Important factors to consider when writing, speaking about or having discussions about our children; whether it be in an email to an educator, a conversation with a medical professional, a chat with a family member, or sharing on social media.
1. Does my loyalty lie with my child? Am I being an ally to them, supporting them to be understood, respected as whole and complete people, accepted and embraced by all?
2. Is my language appropriate and respectful toward autistic identity and culture? Does it highlight my child's strengths or does it amplify their challenges, encouraging a disorder narrative?
3. I can ask others to address my child, rather than me when and where appropriate. In the creation of IEPs, in the discussions that occur with our family Paediatrician, wherever it is appropriate, my child has the right to be a participant in the decisions made about them and their life.
4. Do I advocate for my child's rights in alignment with their autistic identity? Do I correct professionals, family and friends who insist on eye contact or other various neuronormative expressions from my child?
5. I can insist that my child's educators only discuss positive points in their presence and within ear shot, and leave the rest for a communication book or an email where I am free to decide how to approach the situation with my child inside of our family values in alignment with autistic identity and culture for my child.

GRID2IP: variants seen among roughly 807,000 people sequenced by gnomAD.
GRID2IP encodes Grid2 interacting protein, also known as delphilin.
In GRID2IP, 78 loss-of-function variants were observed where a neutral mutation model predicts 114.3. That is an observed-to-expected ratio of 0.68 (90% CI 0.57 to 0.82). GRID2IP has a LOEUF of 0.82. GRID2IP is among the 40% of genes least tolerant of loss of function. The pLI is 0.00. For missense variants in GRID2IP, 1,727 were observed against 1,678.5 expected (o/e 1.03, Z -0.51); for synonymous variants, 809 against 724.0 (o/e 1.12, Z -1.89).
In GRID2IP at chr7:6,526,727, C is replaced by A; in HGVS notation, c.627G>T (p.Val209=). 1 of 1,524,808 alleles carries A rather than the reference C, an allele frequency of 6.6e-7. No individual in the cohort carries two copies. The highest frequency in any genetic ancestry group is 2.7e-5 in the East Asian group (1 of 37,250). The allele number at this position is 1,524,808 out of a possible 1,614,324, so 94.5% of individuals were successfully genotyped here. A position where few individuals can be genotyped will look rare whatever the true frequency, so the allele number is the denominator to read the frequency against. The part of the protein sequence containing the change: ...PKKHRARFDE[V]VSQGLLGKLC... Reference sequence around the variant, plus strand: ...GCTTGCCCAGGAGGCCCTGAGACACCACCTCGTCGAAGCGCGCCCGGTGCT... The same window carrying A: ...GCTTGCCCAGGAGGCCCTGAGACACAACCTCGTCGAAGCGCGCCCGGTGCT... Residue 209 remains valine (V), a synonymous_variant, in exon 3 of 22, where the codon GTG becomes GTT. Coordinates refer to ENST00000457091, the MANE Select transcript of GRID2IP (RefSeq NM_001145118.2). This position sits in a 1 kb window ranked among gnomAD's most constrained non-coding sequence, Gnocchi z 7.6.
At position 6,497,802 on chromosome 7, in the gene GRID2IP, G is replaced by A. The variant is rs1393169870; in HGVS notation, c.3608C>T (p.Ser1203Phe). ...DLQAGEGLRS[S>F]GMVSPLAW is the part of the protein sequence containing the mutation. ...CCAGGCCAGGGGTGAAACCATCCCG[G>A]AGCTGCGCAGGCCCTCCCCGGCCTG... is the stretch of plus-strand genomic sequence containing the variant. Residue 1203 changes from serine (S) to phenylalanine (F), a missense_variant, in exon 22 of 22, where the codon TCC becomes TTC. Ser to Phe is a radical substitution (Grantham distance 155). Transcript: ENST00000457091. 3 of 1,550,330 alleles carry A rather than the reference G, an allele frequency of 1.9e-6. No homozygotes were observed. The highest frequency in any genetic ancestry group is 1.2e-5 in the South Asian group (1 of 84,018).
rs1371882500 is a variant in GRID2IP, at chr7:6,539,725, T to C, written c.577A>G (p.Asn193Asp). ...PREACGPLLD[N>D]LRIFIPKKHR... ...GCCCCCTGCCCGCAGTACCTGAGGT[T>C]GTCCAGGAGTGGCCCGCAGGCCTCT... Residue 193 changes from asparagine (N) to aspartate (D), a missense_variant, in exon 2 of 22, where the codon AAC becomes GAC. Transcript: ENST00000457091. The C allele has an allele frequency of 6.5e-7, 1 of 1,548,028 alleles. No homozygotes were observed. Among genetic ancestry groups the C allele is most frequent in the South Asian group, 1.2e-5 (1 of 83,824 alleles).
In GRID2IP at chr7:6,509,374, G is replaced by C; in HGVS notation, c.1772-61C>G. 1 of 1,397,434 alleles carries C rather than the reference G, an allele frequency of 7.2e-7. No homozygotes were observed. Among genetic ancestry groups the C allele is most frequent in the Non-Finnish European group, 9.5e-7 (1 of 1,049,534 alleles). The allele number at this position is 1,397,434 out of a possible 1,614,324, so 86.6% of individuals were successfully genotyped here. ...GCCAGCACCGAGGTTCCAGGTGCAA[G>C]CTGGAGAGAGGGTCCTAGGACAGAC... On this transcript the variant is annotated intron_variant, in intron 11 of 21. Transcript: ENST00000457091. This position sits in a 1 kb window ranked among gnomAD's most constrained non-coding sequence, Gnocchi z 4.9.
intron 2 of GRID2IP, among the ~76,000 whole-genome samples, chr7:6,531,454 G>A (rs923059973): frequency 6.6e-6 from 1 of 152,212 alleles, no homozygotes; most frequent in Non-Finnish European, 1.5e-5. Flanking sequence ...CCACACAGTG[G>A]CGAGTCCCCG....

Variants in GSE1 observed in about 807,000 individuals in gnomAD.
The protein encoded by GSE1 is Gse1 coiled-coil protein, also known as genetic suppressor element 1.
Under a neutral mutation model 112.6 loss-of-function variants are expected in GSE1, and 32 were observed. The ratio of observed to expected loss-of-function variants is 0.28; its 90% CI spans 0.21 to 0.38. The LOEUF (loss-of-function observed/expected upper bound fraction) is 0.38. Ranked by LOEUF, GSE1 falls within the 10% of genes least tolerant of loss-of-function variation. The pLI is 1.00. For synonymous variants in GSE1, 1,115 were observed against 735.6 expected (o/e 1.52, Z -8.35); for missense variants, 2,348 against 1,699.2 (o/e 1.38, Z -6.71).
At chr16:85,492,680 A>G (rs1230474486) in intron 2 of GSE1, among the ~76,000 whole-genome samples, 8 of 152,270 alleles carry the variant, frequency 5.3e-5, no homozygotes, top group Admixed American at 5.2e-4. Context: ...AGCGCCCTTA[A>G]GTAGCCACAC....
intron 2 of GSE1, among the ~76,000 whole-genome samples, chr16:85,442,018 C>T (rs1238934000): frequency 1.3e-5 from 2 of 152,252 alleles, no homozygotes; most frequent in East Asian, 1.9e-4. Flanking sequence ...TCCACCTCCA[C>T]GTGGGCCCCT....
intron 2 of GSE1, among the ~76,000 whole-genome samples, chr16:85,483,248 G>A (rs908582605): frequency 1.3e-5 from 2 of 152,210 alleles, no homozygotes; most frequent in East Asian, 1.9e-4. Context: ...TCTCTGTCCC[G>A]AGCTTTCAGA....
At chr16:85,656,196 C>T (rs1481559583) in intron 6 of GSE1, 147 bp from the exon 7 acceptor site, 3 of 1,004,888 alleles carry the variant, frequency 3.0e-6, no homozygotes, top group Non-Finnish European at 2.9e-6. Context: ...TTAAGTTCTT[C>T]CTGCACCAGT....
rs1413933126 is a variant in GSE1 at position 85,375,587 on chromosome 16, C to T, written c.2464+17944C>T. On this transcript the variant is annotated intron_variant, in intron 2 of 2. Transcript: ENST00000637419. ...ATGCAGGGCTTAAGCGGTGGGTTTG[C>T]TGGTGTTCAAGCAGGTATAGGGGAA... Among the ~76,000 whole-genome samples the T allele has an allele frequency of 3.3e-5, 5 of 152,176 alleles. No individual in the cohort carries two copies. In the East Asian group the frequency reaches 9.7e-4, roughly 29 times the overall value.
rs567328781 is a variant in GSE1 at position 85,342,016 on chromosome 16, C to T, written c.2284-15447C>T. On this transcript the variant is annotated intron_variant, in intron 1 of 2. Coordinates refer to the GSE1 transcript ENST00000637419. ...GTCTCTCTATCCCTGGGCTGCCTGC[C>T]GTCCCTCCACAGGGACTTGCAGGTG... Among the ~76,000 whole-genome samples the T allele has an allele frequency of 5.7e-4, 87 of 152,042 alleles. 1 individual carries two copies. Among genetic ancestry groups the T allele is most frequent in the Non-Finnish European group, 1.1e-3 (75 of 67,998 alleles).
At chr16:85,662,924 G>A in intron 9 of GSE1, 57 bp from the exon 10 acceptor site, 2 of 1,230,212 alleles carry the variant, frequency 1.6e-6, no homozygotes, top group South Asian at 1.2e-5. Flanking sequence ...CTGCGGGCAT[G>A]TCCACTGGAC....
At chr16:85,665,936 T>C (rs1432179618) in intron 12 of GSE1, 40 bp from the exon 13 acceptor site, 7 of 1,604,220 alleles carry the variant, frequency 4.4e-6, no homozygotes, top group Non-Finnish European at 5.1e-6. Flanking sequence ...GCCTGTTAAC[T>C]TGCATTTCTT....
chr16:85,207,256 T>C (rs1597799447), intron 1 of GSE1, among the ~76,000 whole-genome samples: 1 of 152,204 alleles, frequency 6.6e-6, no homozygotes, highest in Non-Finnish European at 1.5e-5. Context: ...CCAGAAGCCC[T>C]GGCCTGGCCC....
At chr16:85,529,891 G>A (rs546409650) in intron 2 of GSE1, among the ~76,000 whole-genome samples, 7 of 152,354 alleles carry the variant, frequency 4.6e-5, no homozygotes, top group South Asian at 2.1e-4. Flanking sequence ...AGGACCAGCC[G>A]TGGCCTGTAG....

6. When I share stories, experiences, thoughts, feelings and/or add to discussions on social media and in emails, how would my child feel if they were to read it? How would they feel knowing others have that information about their personal life?
7. When my child communicates with me, do I explore various communicative forms with them or only insist on verbal communication? Am I focused on the superficial understanding of their behaviour or do I explore their internal experience?
8. Do I seek out autistic voices, autistic content, autistic mentoring and autistic peers for my children in order for them to know and understand their identity, culture and their "normal" before deciding what is good and right for them when engaging in information on offer from non autistic professionals?
9. Where my comments or input in autistic spaces is resisted, hidden or removed, do I explore or reach out and ask why? Do I understand that in autistic spaces, there are thousands of autistic people reading and internalising content based on them and what I consider harmless may actually in fact, be hurtful or harmful to them?
10. Do I understand what it is to be culturally respectful in Neurodivergent spaces? Do I seek information from a range of autistic spaces and sources?
Image Credit: Kelvin Octa
(Image description: A photo of mother and daughter. The mother holds her young child in her arms and they are looking at each other laughing and smiling. The young girl is playfully pulling on her mothers hair.)
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